By Daniel Hunter
As many staff members enjoy a summer break away from the office, now’s the time to detect fraudsters in the workplace, claims Chris Lane, Head of Entrepreneurial Businesses at top 20 chartered accountancy firm Kingston Smith LLP. Fraudulent employees generally avoid taking long breaks away from work so as not to leave their work open to the scrutiny of colleagues.
A company director who suspects something is not quite right should follow the money — starting with an effective analysis of the business’ profit and loss and cashflow statements. Sooner or later all reported profits, if genuine, properly measured and not misappropriated, must convert into cash. Reported earnings unmatched by cashflow are, by definition, suspect.
Common failings in the financial governance of companies can leave them exposed to potential fraud. Lane advises directors to look out for the following signs:
1. If VAT records and sales records do not correspond — this could be because the sales are fraudulently inflated to impress the bank and obtain finance on fictitious invoices;
2. Where debtors are unsupported by any third party evidence;
3. If stocks in the balance sheet include goods held on consignment belonging to suppliers. Since the value of goods held in stock at any particular time is not a product of double-entry bookkeeping, the manipulation of stock records is one of the easiest methods by which to uplift the value of a company’s assets;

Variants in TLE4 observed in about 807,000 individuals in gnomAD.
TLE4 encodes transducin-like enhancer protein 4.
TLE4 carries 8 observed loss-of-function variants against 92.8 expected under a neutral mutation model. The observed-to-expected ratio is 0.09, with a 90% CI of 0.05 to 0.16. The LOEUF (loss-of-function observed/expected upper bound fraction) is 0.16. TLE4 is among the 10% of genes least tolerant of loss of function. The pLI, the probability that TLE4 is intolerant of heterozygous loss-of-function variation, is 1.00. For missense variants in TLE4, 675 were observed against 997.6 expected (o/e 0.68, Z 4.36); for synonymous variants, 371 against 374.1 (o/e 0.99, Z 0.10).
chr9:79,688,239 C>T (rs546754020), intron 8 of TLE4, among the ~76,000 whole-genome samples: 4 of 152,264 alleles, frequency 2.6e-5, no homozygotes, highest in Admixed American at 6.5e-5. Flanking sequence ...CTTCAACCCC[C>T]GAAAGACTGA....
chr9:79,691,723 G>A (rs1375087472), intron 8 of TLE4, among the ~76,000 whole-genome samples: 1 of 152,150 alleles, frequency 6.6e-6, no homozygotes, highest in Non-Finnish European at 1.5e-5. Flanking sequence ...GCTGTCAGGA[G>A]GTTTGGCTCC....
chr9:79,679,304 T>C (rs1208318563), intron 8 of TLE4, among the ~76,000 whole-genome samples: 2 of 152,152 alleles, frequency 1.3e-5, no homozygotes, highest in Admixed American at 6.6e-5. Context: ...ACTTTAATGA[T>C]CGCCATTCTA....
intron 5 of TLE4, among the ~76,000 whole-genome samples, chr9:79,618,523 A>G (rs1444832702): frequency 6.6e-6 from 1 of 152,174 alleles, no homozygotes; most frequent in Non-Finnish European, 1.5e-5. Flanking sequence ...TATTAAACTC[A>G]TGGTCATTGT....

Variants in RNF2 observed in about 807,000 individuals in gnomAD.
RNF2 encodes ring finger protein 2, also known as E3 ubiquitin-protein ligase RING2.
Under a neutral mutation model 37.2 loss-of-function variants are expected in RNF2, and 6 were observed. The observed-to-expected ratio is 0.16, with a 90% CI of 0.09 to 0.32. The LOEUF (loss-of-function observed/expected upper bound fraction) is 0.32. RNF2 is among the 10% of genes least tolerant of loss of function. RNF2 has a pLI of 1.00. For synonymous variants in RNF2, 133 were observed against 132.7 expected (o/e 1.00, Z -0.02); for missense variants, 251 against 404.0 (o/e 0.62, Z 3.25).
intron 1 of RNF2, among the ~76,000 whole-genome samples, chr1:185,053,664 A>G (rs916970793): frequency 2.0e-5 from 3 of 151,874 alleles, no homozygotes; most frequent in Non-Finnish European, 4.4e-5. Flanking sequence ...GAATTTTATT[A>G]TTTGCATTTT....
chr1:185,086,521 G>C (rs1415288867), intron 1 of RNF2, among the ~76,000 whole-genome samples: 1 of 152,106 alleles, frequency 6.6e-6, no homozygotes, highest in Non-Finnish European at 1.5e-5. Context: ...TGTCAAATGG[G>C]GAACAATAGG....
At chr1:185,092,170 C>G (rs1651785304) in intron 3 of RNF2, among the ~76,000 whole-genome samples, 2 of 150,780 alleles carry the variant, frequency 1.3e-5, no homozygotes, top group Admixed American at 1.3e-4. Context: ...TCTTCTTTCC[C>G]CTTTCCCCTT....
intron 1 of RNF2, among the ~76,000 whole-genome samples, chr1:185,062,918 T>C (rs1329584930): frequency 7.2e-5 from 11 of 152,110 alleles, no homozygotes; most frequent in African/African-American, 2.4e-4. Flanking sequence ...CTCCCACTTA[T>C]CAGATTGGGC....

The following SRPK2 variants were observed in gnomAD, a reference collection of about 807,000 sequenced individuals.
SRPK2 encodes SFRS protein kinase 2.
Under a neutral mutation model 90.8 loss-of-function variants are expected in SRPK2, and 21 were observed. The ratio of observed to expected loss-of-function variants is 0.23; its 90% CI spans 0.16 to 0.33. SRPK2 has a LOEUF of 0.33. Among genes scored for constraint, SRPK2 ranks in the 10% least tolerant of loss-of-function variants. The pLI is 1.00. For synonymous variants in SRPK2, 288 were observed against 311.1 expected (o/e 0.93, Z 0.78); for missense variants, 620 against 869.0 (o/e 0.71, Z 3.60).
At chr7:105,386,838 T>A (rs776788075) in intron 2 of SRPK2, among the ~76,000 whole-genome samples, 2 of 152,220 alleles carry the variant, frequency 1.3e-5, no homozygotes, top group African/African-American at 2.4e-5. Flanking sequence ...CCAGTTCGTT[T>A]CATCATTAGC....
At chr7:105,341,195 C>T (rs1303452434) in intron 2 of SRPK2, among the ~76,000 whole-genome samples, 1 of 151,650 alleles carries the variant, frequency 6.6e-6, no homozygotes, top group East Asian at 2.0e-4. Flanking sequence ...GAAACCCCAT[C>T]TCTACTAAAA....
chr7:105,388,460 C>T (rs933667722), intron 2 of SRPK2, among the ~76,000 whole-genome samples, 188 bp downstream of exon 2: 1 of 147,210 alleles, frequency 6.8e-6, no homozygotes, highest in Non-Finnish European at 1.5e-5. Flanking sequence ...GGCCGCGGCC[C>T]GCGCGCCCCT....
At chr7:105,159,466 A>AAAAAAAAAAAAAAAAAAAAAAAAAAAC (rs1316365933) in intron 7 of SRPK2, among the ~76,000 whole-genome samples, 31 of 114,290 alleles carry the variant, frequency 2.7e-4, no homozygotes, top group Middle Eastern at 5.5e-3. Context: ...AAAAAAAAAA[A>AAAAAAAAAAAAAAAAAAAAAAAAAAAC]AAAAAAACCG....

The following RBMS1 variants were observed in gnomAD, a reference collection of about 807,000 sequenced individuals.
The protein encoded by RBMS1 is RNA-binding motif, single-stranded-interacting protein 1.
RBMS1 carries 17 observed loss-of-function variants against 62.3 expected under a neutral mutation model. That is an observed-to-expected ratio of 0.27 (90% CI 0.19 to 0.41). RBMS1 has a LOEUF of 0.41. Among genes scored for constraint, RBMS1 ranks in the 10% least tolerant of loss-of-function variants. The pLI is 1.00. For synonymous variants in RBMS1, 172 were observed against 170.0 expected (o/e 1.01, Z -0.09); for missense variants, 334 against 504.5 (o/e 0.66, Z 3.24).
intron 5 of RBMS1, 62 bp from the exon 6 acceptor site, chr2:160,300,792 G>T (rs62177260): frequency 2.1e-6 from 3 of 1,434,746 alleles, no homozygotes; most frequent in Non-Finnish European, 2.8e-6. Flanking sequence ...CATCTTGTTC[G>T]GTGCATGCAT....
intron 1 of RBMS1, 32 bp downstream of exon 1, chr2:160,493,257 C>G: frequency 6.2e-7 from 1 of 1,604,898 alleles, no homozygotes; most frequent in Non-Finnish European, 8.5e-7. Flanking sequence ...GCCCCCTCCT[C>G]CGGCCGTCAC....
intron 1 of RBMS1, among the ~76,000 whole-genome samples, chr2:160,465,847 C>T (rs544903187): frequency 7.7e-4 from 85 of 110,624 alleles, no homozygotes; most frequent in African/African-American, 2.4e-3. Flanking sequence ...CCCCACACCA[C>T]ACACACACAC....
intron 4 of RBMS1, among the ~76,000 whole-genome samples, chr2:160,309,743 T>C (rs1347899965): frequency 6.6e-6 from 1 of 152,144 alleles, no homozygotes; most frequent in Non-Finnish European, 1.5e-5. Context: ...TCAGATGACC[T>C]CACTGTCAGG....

4. Where sums paid to the directors personally are concealed by write-offs to other companies under common control via a labyrinth of intercompany accounts;
5. Where a journal is creatively used — always the most lethal accounting record;
6. Senior management may conceal the misappropriation of company assets by overstating assets or income; or they could achieve the same effect by omitting to record costs or liabilities;
7. Alternative methods used by staff to disguise the misappropriation of company assets is to record the misappropriations in the accounting records, albeit disguised as legitimate expenses, so that reported results actually reflect the consequences of the fraud;
8. Where senior finance staff or directors falsify the company’s accounts by creating false sales and debtors to get more funding from its bank through an invoice discounting facility.
A thorough audit, or proper look at the company’s books and records, should raise the alarm on these practices, before it’s too late.
“In order for a fraud to be successful,” explains Lane, “It is generally necessary for the perpetrator to be in continuous close contact with the company’s accounting books and records on a day-to-day basis.”
“Therefore, be wary of the director or employee who never falls sick, never takes more than a long weekend as holiday (albeit to the most exotic of destinations) and whose top-of-the range, latest model sports car is always the first to arrive and the last to leave the company car park.
"He or she may well have won the lottery, or inherited a fortune from great-aunt Mabel, but don’t bank on it. Not that fraudsters necessarily publicise their wealth — the timid little mouse in the corner who has not stopped working for the past thirty years and is more than happy with her modest wage packet may one day surprise you.”
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